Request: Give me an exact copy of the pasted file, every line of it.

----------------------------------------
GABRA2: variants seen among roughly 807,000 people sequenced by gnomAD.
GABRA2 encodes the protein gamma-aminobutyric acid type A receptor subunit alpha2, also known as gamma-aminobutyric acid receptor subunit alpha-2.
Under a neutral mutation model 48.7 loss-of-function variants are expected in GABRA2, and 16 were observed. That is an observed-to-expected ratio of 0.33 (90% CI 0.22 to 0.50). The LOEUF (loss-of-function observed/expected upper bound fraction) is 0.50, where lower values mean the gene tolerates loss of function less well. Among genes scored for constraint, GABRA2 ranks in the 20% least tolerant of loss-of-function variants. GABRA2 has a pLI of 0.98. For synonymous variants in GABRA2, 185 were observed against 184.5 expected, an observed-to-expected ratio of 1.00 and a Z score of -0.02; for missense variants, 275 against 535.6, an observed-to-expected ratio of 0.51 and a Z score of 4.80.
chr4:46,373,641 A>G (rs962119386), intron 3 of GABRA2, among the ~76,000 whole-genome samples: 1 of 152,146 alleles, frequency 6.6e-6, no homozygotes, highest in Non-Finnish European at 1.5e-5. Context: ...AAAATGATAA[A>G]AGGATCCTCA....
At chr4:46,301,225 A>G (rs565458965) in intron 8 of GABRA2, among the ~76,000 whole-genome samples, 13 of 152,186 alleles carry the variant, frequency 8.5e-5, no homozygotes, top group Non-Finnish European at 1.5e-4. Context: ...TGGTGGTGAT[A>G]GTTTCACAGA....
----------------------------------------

GABRA2: variants seen among roughly 807,000 people sequenced by gnomAD.
GABRA2 encodes the protein gamma-aminobutyric acid type A receptor subunit alpha2, also known as gamma-aminobutyric acid receptor subunit alpha-2.
Under a neutral mutation model 48.7 loss-of-function variants are expected in GABRA2, and 16 were observed. That is an observed-to-expected ratio of 0.33 (90% CI 0.22 to 0.50). The LOEUF (loss-of-function observed/expected upper bound fraction) is 0.50, where lower values mean the gene tolerates loss of function less well. Among genes scored for constraint, GABRA2 ranks in the 20% least tolerant of loss-of-function variants. GABRA2 has a pLI of 0.98. For synonymous variants in GABRA2, 185 were observed against 184.5 expected, an observed-to-expected ratio of 1.00 and a Z score of -0.02; for missense variants, 275 against 535.6, an observed-to-expected ratio of 0.51 and a Z score of 4.80.
chr4:46,373,641 A>G (rs962119386), intron 3 of GABRA2, among the ~76,000 whole-genome samples: 1 of 152,146 alleles, frequency 6.6e-6, no homozygotes, highest in Non-Finnish European at 1.5e-5. Context: ...AAAATGATAA[A>G]AGGATCCTCA....
At chr4:46,301,225 A>G (rs565458965) in intron 8 of GABRA2, among the ~76,000 whole-genome samples, 13 of 152,186 alleles carry the variant, frequency 8.5e-5, no homozygotes, top group Non-Finnish European at 1.5e-4. Context: ...TGGTGGTGAT[A>G]GTTTCACAGA....